We live in a quarterback-centric world and there's absolutely no chance that's ever going to change.
That means Tony Romo's trip from goat to injured to victorious is going to be the dominant story line to come out of Sunday's win. That's fine because it is a good story and because it balances things out after it looked like Romo might be burned at the stake like a 19th century witch last week. It isn't the only story, though, and it isn't even the biggest redemption story that the Cowboys had to offer on Sunday.
Seriously. Here's a submission that Dan Bailey hitting the game-tying and game-winning field goals represented a much bigger change of fortunes than anything Romo did on Sunday.
How's that possible? Romo was going to be the Cowboys' quarterback in Week Three, Week Four and the rest of the forseeable future even if Sunday's comeback wound up falling short of victory. The injury might have forced him out of the lineup, but the Romo era wasn't over if there wasn't a happy ending.
The Bailey era, on the other hand, certainly would have ended if Bailey missed from 48 yards with overtime hanging in the balance. There were questions about his fitness for the NFL before the game with the 49ers started and they were pretty close to turning into conclusions when Bailey pushed a 21-yard chip shot wide right in the first quarter. If it were possible to cut a player and replace him in the middle of a game, Bailey's Cowboys career might have ended right there.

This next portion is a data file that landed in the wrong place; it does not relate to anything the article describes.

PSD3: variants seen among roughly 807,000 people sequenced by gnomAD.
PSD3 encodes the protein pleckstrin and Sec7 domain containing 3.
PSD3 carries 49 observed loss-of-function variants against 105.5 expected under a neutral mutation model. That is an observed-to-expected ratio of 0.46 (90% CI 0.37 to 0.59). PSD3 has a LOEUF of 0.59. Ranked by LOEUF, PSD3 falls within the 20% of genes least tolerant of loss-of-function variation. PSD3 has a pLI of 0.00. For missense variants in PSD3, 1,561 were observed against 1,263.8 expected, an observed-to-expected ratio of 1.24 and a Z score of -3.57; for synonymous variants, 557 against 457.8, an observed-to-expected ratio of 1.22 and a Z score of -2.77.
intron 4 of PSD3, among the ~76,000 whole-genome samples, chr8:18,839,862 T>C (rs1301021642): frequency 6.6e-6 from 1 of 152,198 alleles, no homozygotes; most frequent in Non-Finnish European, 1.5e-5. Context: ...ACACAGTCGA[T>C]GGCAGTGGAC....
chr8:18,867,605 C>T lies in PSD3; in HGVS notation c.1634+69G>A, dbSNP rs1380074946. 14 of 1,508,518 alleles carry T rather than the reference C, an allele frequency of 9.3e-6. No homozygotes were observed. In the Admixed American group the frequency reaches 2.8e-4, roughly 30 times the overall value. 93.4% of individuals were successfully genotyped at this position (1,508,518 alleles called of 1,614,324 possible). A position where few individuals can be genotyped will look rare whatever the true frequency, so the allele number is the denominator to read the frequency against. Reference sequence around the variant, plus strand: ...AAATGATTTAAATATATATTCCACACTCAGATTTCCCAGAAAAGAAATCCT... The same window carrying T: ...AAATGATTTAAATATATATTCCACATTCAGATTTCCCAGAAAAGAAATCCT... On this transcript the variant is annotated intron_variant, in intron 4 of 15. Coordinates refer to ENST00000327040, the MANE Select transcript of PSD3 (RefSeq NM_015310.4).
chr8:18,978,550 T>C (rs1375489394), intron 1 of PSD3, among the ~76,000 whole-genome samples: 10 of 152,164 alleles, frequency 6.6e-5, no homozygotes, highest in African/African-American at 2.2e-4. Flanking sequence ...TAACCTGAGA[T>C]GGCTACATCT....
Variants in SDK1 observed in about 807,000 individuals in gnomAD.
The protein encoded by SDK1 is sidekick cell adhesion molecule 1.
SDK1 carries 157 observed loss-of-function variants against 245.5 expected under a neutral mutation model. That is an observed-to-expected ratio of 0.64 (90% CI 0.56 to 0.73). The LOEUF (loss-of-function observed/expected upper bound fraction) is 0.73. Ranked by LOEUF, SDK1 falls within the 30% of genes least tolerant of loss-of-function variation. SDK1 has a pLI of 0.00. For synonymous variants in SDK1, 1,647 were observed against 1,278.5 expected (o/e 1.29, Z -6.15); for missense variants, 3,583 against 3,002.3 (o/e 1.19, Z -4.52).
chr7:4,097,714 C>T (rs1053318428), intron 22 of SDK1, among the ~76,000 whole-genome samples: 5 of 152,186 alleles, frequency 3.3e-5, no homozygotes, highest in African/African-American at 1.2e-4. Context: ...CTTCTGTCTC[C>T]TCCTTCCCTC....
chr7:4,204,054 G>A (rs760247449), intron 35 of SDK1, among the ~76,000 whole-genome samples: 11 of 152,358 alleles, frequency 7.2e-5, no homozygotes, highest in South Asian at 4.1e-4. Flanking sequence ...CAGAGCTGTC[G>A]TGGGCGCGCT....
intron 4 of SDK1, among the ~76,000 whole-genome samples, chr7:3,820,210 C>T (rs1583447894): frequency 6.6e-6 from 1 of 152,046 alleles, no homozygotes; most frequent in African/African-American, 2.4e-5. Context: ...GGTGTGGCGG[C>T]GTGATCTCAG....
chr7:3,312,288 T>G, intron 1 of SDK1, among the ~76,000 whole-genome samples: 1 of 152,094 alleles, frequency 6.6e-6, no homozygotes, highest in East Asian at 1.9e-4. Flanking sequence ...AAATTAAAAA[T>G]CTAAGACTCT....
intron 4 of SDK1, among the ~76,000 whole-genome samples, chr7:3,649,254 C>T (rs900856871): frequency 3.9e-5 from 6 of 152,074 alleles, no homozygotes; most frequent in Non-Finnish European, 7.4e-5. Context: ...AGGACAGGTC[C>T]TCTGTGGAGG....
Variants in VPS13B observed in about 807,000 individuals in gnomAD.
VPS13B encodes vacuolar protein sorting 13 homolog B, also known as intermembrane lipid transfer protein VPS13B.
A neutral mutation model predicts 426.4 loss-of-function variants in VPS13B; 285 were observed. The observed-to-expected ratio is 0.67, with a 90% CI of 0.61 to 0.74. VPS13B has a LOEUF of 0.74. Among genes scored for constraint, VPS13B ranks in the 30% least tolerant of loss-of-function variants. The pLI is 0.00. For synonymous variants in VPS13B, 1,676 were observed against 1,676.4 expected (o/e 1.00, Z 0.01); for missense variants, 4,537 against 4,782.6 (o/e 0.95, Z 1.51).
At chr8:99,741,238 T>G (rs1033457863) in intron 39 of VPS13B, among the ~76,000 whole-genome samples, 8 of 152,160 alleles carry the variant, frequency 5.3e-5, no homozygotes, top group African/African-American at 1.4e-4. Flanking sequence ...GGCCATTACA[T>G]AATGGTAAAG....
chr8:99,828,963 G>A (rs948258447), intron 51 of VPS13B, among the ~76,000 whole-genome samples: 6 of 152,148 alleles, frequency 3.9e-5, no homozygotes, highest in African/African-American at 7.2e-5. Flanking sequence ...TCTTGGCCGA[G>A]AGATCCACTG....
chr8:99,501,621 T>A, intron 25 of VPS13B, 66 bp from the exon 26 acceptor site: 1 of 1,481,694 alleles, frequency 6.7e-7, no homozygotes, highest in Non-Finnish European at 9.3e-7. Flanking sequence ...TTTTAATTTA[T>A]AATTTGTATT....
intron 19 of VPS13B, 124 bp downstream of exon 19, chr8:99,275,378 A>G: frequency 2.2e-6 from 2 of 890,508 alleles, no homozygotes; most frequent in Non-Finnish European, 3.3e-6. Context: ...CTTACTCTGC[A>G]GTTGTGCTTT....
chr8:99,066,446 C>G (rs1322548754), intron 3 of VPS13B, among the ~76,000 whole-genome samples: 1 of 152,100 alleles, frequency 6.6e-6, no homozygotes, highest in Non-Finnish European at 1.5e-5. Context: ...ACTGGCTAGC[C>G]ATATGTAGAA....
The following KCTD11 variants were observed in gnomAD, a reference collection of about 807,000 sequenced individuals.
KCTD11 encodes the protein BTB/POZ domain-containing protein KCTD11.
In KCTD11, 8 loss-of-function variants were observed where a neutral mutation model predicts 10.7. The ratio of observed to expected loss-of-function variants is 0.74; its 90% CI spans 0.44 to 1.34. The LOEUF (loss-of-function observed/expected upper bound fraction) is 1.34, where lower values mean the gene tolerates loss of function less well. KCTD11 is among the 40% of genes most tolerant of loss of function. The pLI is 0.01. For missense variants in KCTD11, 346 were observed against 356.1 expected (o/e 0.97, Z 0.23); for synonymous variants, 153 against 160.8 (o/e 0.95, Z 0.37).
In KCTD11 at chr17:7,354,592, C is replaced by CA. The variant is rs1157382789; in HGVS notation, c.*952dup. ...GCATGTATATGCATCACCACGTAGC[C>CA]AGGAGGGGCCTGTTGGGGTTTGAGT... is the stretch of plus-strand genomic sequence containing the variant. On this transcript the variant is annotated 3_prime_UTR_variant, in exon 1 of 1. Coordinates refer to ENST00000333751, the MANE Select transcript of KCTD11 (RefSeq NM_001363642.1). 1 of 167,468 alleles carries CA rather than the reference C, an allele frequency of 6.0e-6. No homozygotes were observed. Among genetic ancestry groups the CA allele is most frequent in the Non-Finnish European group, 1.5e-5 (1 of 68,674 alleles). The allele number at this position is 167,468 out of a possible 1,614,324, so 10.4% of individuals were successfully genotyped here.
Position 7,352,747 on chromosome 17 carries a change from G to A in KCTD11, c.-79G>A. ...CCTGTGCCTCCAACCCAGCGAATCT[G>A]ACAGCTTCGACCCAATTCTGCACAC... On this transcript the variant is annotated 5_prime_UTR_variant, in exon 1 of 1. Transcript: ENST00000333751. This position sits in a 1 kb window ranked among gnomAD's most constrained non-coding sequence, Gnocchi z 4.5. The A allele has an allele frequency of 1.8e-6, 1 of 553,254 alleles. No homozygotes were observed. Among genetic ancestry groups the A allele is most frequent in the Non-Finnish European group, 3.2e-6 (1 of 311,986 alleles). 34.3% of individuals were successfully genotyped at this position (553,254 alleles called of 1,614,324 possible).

You can't do that, of course, so Bailey got another chance and he struck a kick as true as you could hope to see. And then he did it again from 19 yards out to win the game and earn a moment that seemed impossible when he missed that field goal early in the game.
It isn't every day that you get to tie a game, win a game and keep your job in the span of about 20 minutes. Bailey's redemption will have a very short shelf life, such is life when you're a kicker, but he's got a lot more rope today than he has had at any other point in his short professional career.
Not a bad little Sunday, all things considered.